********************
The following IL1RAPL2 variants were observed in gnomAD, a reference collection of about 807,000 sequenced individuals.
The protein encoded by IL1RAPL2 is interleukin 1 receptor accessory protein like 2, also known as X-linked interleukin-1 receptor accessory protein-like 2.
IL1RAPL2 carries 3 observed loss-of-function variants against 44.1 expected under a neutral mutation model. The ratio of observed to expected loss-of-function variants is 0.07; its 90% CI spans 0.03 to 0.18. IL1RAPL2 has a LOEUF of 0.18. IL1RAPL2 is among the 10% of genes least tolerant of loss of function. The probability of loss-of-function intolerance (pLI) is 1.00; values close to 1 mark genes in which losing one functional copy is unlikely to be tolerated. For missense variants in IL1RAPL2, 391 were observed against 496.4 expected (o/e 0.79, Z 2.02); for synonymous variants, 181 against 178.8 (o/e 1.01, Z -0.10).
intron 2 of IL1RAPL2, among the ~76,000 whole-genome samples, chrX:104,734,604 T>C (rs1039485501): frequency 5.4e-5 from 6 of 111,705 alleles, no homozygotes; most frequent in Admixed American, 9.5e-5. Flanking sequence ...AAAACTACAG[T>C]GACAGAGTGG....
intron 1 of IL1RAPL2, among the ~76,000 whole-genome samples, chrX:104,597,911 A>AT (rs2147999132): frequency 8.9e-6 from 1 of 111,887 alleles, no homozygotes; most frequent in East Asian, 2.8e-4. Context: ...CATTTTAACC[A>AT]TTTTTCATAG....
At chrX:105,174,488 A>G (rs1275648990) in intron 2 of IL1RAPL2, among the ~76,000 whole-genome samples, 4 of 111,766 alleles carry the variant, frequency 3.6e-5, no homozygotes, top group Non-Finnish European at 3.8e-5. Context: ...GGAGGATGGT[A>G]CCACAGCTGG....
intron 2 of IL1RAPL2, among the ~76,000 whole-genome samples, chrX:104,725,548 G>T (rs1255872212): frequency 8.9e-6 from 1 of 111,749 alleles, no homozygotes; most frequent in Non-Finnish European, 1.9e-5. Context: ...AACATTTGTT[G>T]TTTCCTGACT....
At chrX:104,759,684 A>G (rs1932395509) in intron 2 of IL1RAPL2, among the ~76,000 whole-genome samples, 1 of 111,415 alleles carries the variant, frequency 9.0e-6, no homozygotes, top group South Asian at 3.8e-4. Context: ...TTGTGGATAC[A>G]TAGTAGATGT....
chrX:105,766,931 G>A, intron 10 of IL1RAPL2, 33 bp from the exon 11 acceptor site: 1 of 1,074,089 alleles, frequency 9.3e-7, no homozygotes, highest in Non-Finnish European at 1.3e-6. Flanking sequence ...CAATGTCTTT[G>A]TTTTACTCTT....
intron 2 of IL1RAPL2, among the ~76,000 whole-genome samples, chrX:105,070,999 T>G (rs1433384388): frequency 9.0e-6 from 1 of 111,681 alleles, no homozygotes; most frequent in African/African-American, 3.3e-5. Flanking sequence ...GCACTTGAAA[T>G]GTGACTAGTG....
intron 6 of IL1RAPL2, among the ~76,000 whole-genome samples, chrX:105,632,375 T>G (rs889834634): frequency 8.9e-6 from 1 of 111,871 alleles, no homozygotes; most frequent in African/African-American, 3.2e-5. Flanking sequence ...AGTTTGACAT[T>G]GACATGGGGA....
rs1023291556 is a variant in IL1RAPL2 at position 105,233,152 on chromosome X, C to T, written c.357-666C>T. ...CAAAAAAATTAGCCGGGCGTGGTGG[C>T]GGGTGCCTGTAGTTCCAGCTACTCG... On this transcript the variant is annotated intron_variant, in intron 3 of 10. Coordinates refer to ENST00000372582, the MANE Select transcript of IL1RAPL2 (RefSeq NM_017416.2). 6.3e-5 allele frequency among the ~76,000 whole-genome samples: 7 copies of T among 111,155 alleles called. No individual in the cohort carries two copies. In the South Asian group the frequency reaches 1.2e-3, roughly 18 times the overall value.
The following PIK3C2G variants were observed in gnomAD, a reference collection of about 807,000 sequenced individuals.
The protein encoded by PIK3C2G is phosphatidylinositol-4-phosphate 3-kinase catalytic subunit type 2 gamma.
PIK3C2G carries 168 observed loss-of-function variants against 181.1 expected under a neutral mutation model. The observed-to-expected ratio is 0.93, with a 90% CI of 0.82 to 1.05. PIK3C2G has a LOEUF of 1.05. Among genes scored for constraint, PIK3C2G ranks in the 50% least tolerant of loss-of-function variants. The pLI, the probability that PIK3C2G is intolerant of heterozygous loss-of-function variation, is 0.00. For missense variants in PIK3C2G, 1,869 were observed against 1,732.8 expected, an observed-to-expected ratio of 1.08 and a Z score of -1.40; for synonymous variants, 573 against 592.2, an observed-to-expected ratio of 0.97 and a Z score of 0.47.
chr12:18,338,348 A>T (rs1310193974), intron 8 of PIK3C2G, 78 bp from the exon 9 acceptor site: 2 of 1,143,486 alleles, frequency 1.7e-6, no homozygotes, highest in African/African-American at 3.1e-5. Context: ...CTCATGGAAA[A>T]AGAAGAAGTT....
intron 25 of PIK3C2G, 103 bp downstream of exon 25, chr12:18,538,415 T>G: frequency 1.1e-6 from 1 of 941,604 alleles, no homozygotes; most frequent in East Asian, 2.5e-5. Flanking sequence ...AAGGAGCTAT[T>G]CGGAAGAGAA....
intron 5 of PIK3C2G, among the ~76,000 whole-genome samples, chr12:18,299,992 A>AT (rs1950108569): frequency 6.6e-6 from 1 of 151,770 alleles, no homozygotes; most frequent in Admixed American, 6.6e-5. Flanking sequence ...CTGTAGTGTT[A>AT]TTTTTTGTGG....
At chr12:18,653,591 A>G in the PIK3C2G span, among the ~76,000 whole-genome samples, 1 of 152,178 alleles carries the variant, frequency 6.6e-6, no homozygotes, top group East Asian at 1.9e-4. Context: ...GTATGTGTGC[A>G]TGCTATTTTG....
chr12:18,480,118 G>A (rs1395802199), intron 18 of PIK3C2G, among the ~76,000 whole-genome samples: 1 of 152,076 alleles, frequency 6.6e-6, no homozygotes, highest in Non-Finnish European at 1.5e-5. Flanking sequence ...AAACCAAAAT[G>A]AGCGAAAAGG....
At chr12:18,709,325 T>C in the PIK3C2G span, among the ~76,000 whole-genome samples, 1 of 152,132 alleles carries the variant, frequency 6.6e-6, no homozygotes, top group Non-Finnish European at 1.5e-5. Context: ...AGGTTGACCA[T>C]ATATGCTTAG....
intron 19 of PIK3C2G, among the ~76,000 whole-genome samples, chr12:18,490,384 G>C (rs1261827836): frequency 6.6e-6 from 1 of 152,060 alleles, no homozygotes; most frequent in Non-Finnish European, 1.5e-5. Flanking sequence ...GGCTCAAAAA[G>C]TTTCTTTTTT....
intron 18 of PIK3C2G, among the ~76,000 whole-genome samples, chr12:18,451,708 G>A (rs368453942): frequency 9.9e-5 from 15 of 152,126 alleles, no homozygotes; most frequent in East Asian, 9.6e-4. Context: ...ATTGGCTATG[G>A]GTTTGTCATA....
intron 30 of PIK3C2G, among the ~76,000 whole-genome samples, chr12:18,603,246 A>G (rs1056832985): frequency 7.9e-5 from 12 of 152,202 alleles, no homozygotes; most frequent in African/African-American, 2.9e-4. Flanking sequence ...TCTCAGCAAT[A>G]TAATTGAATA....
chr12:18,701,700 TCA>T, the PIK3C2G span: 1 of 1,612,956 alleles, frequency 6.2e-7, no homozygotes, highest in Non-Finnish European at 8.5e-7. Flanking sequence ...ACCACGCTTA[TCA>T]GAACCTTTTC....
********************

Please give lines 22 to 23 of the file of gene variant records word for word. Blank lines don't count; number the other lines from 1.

intron 19 of PIK3C2G, among the ~76,000 whole-genome samples, chr12:18,490,384 G>C (rs1261827836): frequency 6.6e-6 from 1 of 152,060 alleles, no homozygotes; most frequent in Non-Finnish European, 1.5e-5. Flanking sequence ...GGCTCAAAAA[G>C]TTTCTTTTTT....
intron 18 of PIK3C2G, among the ~76,000 whole-genome samples, chr12:18,451,708 G>A (rs368453942): frequency 9.9e-5 from 15 of 152,126 alleles, no homozygotes; most frequent in East Asian, 9.6e-4. Context: ...ATTGGCTATG[G>A]GTTTGTCATA....